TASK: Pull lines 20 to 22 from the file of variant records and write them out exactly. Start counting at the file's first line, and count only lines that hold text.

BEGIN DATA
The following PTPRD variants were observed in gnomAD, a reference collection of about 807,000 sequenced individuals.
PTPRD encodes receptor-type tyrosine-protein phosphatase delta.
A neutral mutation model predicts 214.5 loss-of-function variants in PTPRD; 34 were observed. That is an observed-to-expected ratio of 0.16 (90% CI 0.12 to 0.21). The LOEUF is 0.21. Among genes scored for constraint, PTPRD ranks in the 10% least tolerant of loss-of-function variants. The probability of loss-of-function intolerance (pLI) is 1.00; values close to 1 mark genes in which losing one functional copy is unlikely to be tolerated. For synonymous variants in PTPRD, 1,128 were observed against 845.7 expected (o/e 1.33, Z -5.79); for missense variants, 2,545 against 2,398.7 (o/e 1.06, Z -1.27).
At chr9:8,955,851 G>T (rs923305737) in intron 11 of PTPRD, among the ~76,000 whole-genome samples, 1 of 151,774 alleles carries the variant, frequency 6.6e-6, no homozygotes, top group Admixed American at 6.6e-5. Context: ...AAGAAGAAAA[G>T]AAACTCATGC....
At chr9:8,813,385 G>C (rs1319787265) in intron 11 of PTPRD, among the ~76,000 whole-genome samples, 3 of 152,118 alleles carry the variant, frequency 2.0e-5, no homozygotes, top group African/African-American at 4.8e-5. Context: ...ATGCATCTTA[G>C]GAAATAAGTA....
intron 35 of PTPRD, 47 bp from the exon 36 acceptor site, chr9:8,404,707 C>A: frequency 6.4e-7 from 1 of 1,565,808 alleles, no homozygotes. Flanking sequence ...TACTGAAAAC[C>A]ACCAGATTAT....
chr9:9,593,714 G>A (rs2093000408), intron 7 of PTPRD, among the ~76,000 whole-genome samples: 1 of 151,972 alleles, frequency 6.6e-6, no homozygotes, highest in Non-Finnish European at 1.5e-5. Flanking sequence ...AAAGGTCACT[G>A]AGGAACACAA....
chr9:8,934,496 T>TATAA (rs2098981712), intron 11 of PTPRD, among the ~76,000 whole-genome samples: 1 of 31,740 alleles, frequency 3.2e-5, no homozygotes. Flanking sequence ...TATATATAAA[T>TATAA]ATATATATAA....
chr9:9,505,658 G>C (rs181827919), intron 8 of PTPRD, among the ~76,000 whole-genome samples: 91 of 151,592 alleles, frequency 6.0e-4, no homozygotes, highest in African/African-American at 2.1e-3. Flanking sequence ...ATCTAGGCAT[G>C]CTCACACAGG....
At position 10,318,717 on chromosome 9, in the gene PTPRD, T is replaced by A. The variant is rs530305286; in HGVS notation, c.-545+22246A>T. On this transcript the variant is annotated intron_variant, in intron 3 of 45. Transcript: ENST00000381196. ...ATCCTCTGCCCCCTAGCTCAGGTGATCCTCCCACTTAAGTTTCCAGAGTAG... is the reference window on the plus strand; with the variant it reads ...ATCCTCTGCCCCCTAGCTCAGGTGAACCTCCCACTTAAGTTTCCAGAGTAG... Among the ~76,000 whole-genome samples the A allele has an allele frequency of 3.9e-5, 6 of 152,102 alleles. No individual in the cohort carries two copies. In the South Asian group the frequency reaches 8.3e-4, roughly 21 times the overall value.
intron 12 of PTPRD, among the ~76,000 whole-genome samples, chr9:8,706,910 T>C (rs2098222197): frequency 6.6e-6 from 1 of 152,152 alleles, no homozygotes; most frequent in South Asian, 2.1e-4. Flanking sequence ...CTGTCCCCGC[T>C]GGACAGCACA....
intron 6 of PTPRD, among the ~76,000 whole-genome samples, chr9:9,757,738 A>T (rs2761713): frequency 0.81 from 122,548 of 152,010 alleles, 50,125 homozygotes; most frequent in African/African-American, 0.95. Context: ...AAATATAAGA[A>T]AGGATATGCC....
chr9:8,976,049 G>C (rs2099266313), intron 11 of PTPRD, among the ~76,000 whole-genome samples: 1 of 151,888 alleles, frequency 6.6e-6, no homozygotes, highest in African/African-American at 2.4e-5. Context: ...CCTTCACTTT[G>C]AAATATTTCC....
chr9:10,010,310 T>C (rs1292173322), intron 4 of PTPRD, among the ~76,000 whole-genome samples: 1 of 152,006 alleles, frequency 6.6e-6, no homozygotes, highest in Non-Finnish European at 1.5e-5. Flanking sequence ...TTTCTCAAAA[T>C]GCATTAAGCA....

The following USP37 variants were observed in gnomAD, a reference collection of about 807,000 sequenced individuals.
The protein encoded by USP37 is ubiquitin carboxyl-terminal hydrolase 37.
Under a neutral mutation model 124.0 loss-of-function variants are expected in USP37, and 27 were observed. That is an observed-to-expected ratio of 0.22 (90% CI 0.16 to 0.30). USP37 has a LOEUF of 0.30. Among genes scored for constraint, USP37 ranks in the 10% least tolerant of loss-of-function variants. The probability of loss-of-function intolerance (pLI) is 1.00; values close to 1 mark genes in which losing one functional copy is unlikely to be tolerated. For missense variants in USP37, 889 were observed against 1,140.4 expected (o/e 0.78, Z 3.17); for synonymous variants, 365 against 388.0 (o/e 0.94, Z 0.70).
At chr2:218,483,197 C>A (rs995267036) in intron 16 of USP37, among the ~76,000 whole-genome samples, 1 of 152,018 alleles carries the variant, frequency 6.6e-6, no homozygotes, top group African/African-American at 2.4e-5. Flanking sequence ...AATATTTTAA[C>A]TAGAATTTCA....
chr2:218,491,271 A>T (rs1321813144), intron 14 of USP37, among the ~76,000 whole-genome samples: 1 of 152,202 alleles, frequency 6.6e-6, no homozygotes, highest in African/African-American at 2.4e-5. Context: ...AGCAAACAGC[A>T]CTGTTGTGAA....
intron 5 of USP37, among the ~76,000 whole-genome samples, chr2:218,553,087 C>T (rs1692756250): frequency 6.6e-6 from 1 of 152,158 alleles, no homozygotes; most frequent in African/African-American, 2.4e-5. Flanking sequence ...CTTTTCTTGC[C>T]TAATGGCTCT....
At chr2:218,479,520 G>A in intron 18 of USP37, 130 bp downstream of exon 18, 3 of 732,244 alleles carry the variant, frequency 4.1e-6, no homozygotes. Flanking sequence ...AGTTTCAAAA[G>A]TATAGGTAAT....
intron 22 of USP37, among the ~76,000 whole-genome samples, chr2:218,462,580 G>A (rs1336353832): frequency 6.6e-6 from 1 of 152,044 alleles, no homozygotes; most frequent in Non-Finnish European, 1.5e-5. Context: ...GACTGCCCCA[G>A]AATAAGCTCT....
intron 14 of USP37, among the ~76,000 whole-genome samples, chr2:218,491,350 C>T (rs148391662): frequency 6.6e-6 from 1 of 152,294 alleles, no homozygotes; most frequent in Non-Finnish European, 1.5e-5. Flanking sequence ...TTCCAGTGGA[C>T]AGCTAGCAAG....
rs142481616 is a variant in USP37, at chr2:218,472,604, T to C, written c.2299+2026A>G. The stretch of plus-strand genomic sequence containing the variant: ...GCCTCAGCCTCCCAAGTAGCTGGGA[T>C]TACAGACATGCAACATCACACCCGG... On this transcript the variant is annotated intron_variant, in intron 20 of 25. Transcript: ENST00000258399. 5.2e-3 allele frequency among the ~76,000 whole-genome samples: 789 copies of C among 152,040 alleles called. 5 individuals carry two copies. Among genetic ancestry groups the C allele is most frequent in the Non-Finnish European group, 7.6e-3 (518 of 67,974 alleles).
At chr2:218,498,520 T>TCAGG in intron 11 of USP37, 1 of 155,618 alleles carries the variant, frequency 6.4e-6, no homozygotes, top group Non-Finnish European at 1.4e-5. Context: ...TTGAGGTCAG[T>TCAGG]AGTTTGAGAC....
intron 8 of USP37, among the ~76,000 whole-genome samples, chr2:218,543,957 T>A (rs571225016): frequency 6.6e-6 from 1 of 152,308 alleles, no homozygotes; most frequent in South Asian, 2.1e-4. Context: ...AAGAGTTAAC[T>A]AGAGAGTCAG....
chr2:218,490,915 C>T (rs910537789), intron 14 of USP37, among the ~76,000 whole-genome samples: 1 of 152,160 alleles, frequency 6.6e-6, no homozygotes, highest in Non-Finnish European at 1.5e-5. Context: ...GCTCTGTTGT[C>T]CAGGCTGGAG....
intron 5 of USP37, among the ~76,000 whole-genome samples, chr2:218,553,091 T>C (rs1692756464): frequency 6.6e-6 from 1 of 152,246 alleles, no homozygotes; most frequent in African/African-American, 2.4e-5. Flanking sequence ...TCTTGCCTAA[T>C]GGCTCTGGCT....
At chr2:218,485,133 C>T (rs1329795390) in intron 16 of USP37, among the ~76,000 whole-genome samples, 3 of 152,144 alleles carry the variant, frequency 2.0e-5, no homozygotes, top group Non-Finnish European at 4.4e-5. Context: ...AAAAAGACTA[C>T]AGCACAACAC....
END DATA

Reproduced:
intron 5 of USP37, among the ~76,000 whole-genome samples, chr2:218,553,087 C>T (rs1692756250): frequency 6.6e-6 from 1 of 152,158 alleles, no homozygotes; most frequent in African/African-American, 2.4e-5. Flanking sequence ...CTTTTCTTGC[C>T]TAATGGCTCT....
At chr2:218,479,520 G>A in intron 18 of USP37, 130 bp downstream of exon 18, 3 of 732,244 alleles carry the variant, frequency 4.1e-6, no homozygotes. Flanking sequence ...AGTTTCAAAA[G>A]TATAGGTAAT....
intron 22 of USP37, among the ~76,000 whole-genome samples, chr2:218,462,580 G>A (rs1336353832): frequency 6.6e-6 from 1 of 152,044 alleles, no homozygotes; most frequent in Non-Finnish European, 1.5e-5. Context: ...GACTGCCCCA[G>A]AATAAGCTCT....